The taste of product can be very subjective but how well you are treated in an establishment is far more objective. As human beings, we yearn for authentic, hospitable interactions. We attract and keep our guests coming back by being incredibly committed to what we call the home rule—treating every guest as if they are a guest in your home. We consider every interaction important and approach it as one more way to make a difference in the world. Everyone who comes in knows (or finds out quickly) what our mission statement is. All 550 employees are on the same page and we make sure our "Make Life Better" mission permeates through everything we do. We live our core values by remembering our guests’ names and orders, partnering with local businesses and volunteering in the community. Saxbys has an affordable price point for everyone and regardless if they are in a business suit or a T-shirt and shorts—everyone is treated the same with respectful service, excellent products, and a positive experience.
How does Saxbys work with colleges and help students earn credits?
In 2015, we introduced Saxbys Experiential Learning Program (ELP) in Philadelphia in partnership with Drexel University, The program introduces exclusively student-run cafes to college campuses, providing undergraduates with entrepreneurial opportunities as a supplement to traditional classroom learning.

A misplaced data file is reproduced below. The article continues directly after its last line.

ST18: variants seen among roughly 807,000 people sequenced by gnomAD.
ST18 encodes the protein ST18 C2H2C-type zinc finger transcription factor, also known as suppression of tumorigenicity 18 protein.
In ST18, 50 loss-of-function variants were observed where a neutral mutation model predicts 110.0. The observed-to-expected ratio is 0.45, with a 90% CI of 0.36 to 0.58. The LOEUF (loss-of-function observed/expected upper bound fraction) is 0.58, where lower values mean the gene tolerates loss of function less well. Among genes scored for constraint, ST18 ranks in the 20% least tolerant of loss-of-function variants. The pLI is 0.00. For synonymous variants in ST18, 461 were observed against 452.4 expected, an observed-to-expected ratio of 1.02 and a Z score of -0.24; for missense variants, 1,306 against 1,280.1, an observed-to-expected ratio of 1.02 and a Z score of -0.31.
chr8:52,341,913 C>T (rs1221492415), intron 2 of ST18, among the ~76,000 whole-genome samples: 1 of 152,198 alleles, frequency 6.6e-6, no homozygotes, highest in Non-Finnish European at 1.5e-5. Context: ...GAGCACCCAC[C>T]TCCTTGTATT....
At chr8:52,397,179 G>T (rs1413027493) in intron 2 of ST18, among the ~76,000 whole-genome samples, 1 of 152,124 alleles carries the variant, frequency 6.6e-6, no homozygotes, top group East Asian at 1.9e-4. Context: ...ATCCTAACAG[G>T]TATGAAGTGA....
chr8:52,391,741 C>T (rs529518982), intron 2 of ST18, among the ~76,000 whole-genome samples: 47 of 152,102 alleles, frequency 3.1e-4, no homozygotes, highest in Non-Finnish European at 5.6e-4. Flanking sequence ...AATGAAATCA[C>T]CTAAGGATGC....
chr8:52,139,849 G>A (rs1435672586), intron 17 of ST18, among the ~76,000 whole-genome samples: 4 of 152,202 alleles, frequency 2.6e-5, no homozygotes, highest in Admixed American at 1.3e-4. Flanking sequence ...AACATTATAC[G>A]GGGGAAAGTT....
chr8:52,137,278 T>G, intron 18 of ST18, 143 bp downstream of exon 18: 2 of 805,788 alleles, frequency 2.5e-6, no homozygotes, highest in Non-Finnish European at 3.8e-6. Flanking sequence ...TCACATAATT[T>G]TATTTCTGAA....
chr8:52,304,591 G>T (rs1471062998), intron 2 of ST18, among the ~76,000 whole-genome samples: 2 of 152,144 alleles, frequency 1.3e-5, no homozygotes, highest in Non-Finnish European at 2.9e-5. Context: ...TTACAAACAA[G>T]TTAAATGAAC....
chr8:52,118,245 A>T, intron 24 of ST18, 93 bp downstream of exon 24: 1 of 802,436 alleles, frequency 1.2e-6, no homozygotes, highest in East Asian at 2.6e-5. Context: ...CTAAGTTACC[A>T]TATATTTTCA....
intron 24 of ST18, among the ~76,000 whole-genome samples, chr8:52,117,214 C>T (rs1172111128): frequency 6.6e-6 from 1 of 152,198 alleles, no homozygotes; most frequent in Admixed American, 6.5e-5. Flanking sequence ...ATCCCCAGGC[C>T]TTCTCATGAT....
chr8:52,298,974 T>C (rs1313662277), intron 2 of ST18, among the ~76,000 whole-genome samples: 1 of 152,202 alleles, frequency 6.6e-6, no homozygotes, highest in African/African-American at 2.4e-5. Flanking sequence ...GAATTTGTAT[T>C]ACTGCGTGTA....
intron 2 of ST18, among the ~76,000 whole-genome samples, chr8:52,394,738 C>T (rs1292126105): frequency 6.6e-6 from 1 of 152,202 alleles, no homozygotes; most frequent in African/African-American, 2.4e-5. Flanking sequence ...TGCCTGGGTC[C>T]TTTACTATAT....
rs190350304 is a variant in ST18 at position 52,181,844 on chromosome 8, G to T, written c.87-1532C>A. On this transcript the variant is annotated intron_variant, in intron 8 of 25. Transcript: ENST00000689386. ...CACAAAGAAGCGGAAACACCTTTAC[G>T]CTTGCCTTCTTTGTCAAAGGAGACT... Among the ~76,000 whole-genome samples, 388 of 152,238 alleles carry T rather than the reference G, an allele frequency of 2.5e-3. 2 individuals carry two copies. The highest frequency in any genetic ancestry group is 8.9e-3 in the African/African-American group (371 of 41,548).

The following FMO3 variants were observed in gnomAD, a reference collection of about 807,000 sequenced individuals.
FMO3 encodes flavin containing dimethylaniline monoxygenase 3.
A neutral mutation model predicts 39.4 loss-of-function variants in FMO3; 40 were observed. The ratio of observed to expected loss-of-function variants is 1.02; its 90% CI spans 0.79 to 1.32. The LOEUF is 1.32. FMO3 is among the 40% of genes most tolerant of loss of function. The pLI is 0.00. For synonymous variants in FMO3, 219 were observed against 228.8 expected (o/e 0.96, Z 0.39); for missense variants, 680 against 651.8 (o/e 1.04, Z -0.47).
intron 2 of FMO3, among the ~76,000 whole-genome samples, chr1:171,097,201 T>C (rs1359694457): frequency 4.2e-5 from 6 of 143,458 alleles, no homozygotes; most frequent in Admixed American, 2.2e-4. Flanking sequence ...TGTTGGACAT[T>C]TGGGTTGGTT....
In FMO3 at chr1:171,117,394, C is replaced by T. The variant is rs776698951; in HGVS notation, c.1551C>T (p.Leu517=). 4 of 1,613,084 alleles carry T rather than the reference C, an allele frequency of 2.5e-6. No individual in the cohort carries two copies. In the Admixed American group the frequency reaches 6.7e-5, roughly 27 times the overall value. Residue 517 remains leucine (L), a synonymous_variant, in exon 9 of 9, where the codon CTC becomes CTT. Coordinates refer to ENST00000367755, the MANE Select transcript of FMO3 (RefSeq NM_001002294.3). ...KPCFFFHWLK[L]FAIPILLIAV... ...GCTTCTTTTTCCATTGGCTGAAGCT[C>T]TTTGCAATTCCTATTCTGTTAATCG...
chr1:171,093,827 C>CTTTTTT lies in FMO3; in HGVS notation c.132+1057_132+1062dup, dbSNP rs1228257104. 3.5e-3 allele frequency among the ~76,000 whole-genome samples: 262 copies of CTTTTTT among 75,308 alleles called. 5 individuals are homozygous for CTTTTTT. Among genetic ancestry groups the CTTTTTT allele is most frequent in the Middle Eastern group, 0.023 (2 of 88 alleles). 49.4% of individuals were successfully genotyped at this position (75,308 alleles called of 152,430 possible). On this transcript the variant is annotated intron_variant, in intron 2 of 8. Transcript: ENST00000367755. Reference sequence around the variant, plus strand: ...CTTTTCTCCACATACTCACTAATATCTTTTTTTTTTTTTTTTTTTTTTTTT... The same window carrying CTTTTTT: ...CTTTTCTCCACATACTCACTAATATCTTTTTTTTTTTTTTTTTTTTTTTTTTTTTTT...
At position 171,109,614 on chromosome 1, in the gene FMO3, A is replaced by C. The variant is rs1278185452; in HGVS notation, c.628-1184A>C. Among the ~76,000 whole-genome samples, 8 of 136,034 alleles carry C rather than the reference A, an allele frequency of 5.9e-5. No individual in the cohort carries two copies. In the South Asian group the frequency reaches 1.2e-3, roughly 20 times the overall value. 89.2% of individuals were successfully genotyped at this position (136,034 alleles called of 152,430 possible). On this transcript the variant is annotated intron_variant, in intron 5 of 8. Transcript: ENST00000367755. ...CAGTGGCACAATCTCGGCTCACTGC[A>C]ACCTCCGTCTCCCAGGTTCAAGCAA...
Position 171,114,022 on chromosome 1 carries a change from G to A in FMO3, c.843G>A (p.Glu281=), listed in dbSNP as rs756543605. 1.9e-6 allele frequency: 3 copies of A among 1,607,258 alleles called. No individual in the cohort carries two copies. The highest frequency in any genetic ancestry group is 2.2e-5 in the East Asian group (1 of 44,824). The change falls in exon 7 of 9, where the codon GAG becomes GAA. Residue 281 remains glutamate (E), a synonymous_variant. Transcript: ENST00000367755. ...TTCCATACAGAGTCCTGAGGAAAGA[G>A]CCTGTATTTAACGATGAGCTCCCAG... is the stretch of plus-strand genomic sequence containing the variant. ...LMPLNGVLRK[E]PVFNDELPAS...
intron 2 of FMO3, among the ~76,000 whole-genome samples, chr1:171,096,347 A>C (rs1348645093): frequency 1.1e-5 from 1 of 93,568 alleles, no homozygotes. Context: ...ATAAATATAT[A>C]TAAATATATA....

Each and every Saxbys ELP cafe is helmed by a Student Cafe Executive Officer (SCEO) who is entrusted with developing their peers into team leaders, implementing creative marketing initiatives, strengthening relationships with community organizations and enacting change with social impact outreach. All the while, the students are responsible for managing their peers, overseeing all cafe operations, and presenting P&L statements monthly to Saxbys’ Executive Team. In return, they receive both full credit for the semester and wages. Just three years later and we have seen this initiative grow to six locations across five campuses [Drexel University, La Salle University, Millersville University, Temple University, and West Chester University] with new cafe partnerships with Penn State University and Saint Joseph’s University coming later this summer and early fall.
If my locations serve different customer segments, one has more families and another has more singles, is it okay to run different promotions based on the clientele? — Boston
Yes, and here's why. You want to get the biggest bang for the buck and with today’s data, you can better understand the guest segment breakdown that makes up your client base. Combine that with digital advertising where messages can easily be regionalized and you can get to customized messages that work for every store. Similarly, if only 10 percent of a restaurant’s clientele loves shrimp, but the company is pushing a shrimp special to increase frequency, that store will struggle to compete during a contest. You can’t customize every promotion but when you can, allow enough of a variance that every restaurant has a solid chance to win, which in turn will drive sales and profit for all.